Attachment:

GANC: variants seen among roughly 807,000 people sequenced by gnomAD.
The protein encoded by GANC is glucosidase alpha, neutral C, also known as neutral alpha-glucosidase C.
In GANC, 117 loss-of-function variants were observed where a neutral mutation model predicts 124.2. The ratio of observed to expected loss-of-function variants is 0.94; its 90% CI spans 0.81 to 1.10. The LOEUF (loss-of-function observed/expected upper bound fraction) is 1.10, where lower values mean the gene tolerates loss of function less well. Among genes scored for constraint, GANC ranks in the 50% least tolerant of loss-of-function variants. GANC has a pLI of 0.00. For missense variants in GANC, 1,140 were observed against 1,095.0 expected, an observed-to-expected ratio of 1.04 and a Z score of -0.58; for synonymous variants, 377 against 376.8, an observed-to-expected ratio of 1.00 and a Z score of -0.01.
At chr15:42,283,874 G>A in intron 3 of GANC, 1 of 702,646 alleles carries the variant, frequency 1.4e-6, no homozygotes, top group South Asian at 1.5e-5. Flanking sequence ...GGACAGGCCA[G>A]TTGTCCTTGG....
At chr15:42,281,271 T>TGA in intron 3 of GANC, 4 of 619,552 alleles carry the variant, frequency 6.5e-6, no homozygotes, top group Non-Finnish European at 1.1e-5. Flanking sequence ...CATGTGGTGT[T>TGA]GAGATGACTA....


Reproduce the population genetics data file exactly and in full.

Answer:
GANC: variants seen among roughly 807,000 people sequenced by gnomAD.
The protein encoded by GANC is glucosidase alpha, neutral C, also known as neutral alpha-glucosidase C.
In GANC, 117 loss-of-function variants were observed where a neutral mutation model predicts 124.2. The ratio of observed to expected loss-of-function variants is 0.94; its 90% CI spans 0.81 to 1.10. The LOEUF (loss-of-function observed/expected upper bound fraction) is 1.10, where lower values mean the gene tolerates loss of function less well. Among genes scored for constraint, GANC ranks in the 50% least tolerant of loss-of-function variants. GANC has a pLI of 0.00. For missense variants in GANC, 1,140 were observed against 1,095.0 expected, an observed-to-expected ratio of 1.04 and a Z score of -0.58; for synonymous variants, 377 against 376.8, an observed-to-expected ratio of 1.00 and a Z score of -0.01.
At chr15:42,283,874 G>A in intron 3 of GANC, 1 of 702,646 alleles carries the variant, frequency 1.4e-6, no homozygotes, top group South Asian at 1.5e-5. Flanking sequence ...GGACAGGCCA[G>A]TTGTCCTTGG....
At chr15:42,281,271 T>TGA in intron 3 of GANC, 4 of 619,552 alleles carry the variant, frequency 6.5e-6, no homozygotes, top group Non-Finnish European at 1.1e-5. Flanking sequence ...CATGTGGTGT[T>TGA]GAGATGACTA....